Those daily jobs also incorporate ADI data from the metrics team ("active daily installations", often also called ADU for "active daily users" although it's actually the number of requests to the addon blocklist that every profile should make once a day when being used), so that we can calculate "crash rates", which are displayed even at the crash-stats.mozilla.com front page in a graph to identify how well different versions are doing overall.
In addition, a number of important fields of all the processed reports of that last day for mobile and desktop Firefox are put into machine-readable files (*-pub-crashdata.csv.gz in the date-based sudirectories of the crash_analysis machine) so that some people can run their own reports on them, either for their own analysis or for prototyping functionality that later should make it into Socorro itself. One outcome of that data is also the "Are We Stable Yet?" dashboard I created for a quick Firefox stability overview.

Image No. 22617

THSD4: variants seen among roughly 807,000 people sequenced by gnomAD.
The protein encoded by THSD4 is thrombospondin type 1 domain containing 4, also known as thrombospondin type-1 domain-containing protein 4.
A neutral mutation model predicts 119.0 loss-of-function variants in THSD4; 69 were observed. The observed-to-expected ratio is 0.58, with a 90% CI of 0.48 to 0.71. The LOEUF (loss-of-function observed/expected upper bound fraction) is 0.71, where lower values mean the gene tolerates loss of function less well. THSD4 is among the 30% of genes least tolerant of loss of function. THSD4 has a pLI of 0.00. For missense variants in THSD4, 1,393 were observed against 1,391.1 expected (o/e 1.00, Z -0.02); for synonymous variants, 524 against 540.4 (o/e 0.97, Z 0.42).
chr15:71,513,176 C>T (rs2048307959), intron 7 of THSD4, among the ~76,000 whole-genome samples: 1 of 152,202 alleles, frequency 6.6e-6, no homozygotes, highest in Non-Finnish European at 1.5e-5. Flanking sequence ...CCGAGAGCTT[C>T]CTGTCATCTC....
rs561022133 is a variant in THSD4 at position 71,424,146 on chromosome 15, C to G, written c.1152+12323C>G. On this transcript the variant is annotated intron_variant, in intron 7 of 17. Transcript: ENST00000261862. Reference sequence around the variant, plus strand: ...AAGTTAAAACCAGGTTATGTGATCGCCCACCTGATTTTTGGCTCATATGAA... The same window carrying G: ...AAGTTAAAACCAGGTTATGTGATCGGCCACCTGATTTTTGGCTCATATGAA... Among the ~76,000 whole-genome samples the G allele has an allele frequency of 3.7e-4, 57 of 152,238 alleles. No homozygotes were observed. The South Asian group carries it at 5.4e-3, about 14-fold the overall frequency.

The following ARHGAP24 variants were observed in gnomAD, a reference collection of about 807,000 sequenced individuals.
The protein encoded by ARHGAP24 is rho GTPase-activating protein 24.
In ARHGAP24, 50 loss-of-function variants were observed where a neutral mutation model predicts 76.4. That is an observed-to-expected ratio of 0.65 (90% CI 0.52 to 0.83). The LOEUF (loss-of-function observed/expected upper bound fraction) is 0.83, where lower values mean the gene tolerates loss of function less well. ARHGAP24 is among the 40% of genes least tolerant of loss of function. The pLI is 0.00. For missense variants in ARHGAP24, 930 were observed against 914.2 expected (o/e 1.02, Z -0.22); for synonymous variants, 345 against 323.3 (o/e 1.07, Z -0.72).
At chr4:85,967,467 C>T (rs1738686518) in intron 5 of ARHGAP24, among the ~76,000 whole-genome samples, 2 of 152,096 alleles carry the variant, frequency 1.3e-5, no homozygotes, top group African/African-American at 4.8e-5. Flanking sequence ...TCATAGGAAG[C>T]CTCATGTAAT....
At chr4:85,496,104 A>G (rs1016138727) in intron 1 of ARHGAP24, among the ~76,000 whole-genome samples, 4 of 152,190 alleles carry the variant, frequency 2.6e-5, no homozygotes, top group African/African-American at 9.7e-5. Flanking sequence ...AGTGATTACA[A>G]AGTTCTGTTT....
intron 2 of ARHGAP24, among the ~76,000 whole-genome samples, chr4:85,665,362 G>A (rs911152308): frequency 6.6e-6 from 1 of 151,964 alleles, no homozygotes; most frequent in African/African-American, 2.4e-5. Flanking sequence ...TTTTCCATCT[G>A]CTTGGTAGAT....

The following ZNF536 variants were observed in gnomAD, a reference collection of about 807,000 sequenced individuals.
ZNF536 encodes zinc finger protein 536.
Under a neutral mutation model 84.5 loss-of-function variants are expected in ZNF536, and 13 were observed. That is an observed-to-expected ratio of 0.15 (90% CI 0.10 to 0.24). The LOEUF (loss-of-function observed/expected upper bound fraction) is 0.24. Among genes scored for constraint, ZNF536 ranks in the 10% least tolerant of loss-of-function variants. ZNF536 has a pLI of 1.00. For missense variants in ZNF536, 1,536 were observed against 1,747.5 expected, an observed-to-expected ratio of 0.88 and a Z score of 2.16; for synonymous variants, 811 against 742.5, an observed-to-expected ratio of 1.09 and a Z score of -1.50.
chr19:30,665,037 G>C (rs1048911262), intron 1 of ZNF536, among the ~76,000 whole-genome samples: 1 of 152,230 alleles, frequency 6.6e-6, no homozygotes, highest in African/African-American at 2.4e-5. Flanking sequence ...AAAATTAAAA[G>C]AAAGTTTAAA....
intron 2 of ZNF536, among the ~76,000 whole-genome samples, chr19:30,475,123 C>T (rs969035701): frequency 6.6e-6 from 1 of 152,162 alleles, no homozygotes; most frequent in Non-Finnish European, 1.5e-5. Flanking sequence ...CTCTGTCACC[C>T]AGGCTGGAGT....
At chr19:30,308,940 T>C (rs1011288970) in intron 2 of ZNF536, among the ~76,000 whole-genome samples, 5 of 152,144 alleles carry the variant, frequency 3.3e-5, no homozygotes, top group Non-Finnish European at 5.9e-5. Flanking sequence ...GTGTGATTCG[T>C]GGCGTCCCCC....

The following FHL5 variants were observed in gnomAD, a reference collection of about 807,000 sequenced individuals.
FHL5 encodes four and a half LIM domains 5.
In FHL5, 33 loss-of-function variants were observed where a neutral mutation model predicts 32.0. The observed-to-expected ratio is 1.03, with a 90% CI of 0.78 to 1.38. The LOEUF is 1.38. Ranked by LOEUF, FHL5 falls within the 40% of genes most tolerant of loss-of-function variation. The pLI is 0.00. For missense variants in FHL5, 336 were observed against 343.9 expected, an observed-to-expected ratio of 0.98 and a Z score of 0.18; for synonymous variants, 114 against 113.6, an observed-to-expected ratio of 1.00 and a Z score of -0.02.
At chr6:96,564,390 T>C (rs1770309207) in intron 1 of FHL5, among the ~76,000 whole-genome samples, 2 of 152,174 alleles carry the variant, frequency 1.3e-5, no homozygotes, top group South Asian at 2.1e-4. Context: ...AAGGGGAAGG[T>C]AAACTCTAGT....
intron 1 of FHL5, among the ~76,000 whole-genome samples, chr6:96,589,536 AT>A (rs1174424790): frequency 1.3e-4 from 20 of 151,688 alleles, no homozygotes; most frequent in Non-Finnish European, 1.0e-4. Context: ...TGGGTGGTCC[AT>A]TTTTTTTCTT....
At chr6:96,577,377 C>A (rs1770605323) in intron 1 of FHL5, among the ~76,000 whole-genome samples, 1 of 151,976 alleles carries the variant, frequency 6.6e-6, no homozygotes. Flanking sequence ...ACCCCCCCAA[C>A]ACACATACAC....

Now that our crash report has made it far enough that it's available in reports, the CrashKill team (which I'm working in) and volunteers helping that effort come into play. We're taking a look at those reports (in Socorro as well as chofmann's and my own places for prototyping new ones) every day to make sure we catch all series of crashes that need someone to look into. As part of our mission is to ensure and improve Firefox stability, we make sure there are bug reports filed in Bugzilla for all important crash issues, work with the QA team to try to get the crashes reproduced where needed to get more data for developers to look into, try to get developers assigned to work on the problems, work with release management to get proper tracking and prioritization of highly-visible crashes as well as fixes landed in stabilization phases/branches, and coordinate with others as needed, e.g. for relations to external partners. On the latter, a number of the crashes we catch are 3rd-party issues that can't be fixed in our code, in those cases we try to work with the respective code vendor (mostly add-on creators, plugin and security suite vendors) to come to a solution, and many of them are quite responsive and fix issues on their side. In extreme cases, where Firefox becomes (mostly) unusable in combination with the 3rd-party software, we can make use of add-on or DLL blocklists that prohibit loading of that software. In cases of crashes with 3D or hardware acceleration features of graphics card drivers, we can block usage of those features with those drivers and fall back to non-accelerated and/or 2D display (except for WebGL, which needs to get deactivated in those cases). Of course, we try other avenues first before deploying one of those blocklists, and are way happier, just like our users, when we can actually find a fix in our code.